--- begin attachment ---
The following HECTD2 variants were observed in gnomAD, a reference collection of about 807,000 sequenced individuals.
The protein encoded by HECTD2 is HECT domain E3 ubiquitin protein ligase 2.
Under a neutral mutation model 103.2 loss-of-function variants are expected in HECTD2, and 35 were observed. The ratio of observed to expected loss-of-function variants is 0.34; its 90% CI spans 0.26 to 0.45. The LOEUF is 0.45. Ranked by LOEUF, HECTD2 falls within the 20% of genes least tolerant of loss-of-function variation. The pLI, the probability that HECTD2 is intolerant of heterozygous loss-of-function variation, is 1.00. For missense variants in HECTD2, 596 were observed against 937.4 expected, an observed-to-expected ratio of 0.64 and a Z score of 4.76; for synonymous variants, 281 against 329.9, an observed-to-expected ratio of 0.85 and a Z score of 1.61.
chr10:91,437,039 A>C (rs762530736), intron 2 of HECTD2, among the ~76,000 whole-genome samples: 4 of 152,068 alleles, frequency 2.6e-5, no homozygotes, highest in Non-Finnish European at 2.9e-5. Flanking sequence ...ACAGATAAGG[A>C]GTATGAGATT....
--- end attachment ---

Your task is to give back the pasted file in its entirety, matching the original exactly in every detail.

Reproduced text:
The following HECTD2 variants were observed in gnomAD, a reference collection of about 807,000 sequenced individuals.
The protein encoded by HECTD2 is HECT domain E3 ubiquitin protein ligase 2.
Under a neutral mutation model 103.2 loss-of-function variants are expected in HECTD2, and 35 were observed. The ratio of observed to expected loss-of-function variants is 0.34; its 90% CI spans 0.26 to 0.45. The LOEUF is 0.45. Ranked by LOEUF, HECTD2 falls within the 20% of genes least tolerant of loss-of-function variation. The pLI, the probability that HECTD2 is intolerant of heterozygous loss-of-function variation, is 1.00. For missense variants in HECTD2, 596 were observed against 937.4 expected, an observed-to-expected ratio of 0.64 and a Z score of 4.76; for synonymous variants, 281 against 329.9, an observed-to-expected ratio of 0.85 and a Z score of 1.61.
chr10:91,437,039 A>C (rs762530736), intron 2 of HECTD2, among the ~76,000 whole-genome samples: 4 of 152,068 alleles, frequency 2.6e-5, no homozygotes, highest in Non-Finnish European at 2.9e-5. Flanking sequence ...ACAGATAAGG[A>C]GTATGAGATT....